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chapter3A - Additional Solutions Chapter Three Cash Flow...

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Additional Solutions: Chapter Three: Cash Flow Analysis 3S.1 Mr Dashwood must find the least value of N for which 1 500 < 100 (P/A,5%,N) which is equivalent to finding N such that (P/A,5%,N) > 15 Consulting Appendix A, this first occurs when N = 29 years. If the interest rate is 10%, we come to the end of the table in Appendix A before finding a value of N for which (P/A,10%,N) > 15. We therefore go on to look at the capitalized value of the annuity, which is 100/0.1, or £1 000. Thus, if he can invest his money at 10%, Mr Dashwood can afford to support his widowed half-sister indefinitely for a cost equivalent to a single present payment of £1 000. *3S.2 There are several ways of tackling this. One way is to convert the bi-annuity to an equivalent annuity: A1 = A(A/F,i,2) where ¥ A1 is the annual payment equivalent to getting a final payment of ¥ A at the end of two years. Then we can convert ¥ A1 to its present worth using a formula we already know: P=A1(P/A,i,2N)=A(A/F,i,2)(P/A,i,2N) (Don’t forget that it’s now 2 N rather than N .) Another solution is to calculate the effective biennial interest rate, j , from the equation j = (1 + i ) 2 -1 = 2 i + i 2 and then to use a conversion factor based on j : P = A(P/A, j, N) A third alternative is to construct a formula based on the one at the back of the book, (P/A, j, N) = ((1 + j ) N -1)/( j (1 + j ) N ) and substitute in the value of j , the effective biennial interest rate, as calculated above. This is a correct solution, but it’s more work. Also, I would advise against using these algebraic formulas, except when you’re constructing a spreadsheet – evaluating them is more work than looking a number up in the tables, and there are more opportunities for making a slip.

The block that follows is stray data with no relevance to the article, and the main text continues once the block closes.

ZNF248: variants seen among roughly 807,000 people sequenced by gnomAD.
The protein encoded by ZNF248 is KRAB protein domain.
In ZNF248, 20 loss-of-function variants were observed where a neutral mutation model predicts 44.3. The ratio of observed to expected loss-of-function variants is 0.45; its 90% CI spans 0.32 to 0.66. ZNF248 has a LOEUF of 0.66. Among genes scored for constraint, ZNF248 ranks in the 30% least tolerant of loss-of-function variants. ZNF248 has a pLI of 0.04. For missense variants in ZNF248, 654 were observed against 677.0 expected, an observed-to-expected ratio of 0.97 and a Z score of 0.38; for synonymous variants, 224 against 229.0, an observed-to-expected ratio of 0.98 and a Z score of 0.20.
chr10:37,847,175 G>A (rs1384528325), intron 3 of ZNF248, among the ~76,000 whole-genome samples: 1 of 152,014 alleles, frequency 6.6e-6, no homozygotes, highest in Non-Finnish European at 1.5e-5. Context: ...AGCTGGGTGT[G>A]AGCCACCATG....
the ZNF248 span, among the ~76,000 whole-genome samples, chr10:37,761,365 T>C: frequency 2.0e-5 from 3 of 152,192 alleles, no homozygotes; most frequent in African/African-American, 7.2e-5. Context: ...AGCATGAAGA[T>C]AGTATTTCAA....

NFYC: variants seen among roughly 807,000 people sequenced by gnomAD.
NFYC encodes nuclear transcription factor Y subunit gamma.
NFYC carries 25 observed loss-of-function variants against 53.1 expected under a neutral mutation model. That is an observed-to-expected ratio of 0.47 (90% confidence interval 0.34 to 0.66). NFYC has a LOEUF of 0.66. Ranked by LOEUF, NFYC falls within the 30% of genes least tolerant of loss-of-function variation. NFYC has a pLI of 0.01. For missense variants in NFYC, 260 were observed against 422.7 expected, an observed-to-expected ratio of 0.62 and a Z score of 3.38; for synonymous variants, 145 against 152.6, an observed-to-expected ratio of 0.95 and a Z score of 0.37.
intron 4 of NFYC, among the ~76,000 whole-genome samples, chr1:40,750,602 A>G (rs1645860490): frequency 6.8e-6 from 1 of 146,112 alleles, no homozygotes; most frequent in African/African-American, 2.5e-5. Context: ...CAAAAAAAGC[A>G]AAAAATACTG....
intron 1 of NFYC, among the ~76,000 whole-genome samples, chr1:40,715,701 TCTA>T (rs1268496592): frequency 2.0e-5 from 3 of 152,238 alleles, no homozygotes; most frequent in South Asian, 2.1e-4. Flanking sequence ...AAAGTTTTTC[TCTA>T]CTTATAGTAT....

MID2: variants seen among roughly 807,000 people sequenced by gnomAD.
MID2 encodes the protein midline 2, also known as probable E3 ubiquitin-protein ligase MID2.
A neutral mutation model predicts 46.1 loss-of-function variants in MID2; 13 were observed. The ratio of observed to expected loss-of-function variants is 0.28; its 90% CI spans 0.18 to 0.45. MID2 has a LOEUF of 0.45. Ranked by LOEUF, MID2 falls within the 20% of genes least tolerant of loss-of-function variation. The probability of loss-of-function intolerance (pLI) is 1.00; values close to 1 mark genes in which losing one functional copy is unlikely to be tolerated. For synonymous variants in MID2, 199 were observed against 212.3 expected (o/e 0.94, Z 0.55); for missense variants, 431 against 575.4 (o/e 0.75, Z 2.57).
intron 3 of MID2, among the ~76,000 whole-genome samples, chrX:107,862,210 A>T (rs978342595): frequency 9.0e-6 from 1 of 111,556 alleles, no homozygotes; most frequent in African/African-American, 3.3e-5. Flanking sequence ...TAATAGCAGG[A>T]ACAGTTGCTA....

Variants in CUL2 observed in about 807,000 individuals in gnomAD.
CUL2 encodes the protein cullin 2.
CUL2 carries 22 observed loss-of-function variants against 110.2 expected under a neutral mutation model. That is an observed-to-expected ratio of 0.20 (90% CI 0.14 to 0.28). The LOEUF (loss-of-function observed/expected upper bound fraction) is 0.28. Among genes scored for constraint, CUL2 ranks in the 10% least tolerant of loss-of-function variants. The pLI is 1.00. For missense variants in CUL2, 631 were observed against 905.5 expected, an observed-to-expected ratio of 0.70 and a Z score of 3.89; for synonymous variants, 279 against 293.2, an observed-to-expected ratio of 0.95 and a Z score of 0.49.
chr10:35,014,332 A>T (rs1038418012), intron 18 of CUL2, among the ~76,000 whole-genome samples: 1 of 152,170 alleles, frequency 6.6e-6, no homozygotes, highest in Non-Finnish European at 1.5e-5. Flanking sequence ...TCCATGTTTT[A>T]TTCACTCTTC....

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3S.3 Having drawn a cash-flow diagram, we write down the PW equivalent of each of the costs: PW = 32 000 -16 000 (P/F, 15%,8 ) + 20 000 (P/ A , 15%,8 ) + 600 + 550 (P/A, 15%,7 ) – 50 (P/G, 15%,7) = 32 000 -16 000(0.3269) + 20 000 (4.6587) + 600 + 550(4.1604) – 50(10.192) = 122 322. The P/ A denotes a continuous cash flow, continuously compounded – this is the kind that you look up in Appendix C. We represent the decreasing insurance costs as an annuity plus a negative arithmetic gradient. There isn’t a P/G column in Appendix A, but we can make one by multiplying the P/A entry by the A/G entry. We have to treat the first insurance payment of
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